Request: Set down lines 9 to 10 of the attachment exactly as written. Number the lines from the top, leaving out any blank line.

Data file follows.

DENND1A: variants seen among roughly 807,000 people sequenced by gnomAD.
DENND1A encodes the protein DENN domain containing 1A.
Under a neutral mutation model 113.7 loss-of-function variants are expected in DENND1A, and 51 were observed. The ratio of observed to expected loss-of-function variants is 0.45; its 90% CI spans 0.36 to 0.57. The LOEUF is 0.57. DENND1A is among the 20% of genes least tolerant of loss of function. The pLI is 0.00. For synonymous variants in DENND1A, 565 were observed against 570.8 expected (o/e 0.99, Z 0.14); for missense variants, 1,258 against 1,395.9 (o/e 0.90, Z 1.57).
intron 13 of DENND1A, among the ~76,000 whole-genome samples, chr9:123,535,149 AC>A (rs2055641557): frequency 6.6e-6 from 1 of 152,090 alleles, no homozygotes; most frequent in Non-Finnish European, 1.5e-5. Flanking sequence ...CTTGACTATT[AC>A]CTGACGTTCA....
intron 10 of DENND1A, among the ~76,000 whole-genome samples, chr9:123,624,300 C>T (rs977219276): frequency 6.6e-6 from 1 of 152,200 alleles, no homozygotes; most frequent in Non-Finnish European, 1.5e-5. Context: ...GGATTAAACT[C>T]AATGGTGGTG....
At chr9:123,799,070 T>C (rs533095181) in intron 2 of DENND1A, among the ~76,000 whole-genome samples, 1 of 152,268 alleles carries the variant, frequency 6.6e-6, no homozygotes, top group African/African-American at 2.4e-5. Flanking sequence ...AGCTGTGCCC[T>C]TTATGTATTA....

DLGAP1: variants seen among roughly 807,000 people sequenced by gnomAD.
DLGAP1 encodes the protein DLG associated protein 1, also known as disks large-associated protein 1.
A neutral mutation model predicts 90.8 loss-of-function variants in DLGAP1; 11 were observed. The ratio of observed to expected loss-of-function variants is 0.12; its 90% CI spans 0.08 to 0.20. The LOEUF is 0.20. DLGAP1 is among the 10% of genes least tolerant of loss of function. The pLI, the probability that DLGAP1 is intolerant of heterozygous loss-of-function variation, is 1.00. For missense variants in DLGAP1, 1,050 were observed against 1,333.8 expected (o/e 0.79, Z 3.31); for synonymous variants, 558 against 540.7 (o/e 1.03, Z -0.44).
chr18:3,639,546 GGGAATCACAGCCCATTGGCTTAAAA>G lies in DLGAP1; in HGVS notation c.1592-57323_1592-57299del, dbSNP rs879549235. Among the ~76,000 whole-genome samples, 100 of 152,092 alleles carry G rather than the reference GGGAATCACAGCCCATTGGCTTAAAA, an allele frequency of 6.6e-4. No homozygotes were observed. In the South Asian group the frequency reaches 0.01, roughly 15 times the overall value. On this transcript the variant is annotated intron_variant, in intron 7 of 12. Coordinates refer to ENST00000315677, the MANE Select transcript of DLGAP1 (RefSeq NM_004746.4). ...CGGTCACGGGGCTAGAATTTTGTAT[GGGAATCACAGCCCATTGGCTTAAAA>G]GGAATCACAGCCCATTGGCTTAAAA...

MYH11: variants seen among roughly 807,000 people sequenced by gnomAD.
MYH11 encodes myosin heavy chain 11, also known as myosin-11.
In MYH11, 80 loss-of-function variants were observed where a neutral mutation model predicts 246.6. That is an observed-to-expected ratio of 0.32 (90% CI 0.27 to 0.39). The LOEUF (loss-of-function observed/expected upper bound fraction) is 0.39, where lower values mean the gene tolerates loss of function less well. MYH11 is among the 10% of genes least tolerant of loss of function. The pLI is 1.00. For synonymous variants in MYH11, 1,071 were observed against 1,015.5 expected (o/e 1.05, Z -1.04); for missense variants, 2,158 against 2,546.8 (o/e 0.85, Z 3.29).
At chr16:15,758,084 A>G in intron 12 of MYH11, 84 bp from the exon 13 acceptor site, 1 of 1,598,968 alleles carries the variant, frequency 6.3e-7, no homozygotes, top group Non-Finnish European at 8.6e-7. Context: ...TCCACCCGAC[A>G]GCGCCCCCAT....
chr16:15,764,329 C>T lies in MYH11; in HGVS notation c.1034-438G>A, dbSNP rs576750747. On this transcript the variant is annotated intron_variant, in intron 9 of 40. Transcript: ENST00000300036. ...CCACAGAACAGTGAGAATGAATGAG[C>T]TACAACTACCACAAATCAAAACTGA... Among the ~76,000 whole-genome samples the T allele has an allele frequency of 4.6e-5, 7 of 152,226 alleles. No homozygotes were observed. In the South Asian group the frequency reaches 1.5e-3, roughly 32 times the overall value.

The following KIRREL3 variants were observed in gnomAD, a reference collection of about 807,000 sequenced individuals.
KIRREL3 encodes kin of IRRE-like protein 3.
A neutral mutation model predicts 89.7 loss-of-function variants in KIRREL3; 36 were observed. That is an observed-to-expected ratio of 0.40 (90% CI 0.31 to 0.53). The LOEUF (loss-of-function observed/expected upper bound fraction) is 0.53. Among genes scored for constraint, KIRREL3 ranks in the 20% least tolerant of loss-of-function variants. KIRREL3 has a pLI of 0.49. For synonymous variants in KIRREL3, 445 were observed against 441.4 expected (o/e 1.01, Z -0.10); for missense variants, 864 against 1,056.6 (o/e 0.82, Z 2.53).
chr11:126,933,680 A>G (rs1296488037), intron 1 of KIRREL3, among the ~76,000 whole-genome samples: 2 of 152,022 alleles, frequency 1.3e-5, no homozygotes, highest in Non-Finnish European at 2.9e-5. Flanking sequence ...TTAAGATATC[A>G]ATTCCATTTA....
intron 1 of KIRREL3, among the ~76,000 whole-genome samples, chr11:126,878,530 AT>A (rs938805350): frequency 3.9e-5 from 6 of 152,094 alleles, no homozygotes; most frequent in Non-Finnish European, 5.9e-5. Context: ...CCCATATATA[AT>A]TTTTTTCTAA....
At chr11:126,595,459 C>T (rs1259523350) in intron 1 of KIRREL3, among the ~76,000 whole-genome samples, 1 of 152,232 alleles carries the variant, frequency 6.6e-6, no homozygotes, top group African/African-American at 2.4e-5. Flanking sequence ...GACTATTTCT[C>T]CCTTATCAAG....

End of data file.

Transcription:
A neutral mutation model predicts 90.8 loss-of-function variants in DLGAP1; 11 were observed. The ratio of observed to expected loss-of-function variants is 0.12; its 90% CI spans 0.08 to 0.20. The LOEUF is 0.20. DLGAP1 is among the 10% of genes least tolerant of loss of function. The pLI, the probability that DLGAP1 is intolerant of heterozygous loss-of-function variation, is 1.00. For missense variants in DLGAP1, 1,050 were observed against 1,333.8 expected (o/e 0.79, Z 3.31); for synonymous variants, 558 against 540.7 (o/e 1.03, Z -0.44).
chr18:3,639,546 GGGAATCACAGCCCATTGGCTTAAAA>G lies in DLGAP1; in HGVS notation c.1592-57323_1592-57299del, dbSNP rs879549235. Among the ~76,000 whole-genome samples, 100 of 152,092 alleles carry G rather than the reference GGGAATCACAGCCCATTGGCTTAAAA, an allele frequency of 6.6e-4. No homozygotes were observed. In the South Asian group the frequency reaches 0.01, roughly 15 times the overall value. On this transcript the variant is annotated intron_variant, in intron 7 of 12. Coordinates refer to ENST00000315677, the MANE Select transcript of DLGAP1 (RefSeq NM_004746.4). ...CGGTCACGGGGCTAGAATTTTGTAT[GGGAATCACAGCCCATTGGCTTAAAA>G]GGAATCACAGCCCATTGGCTTAAAA...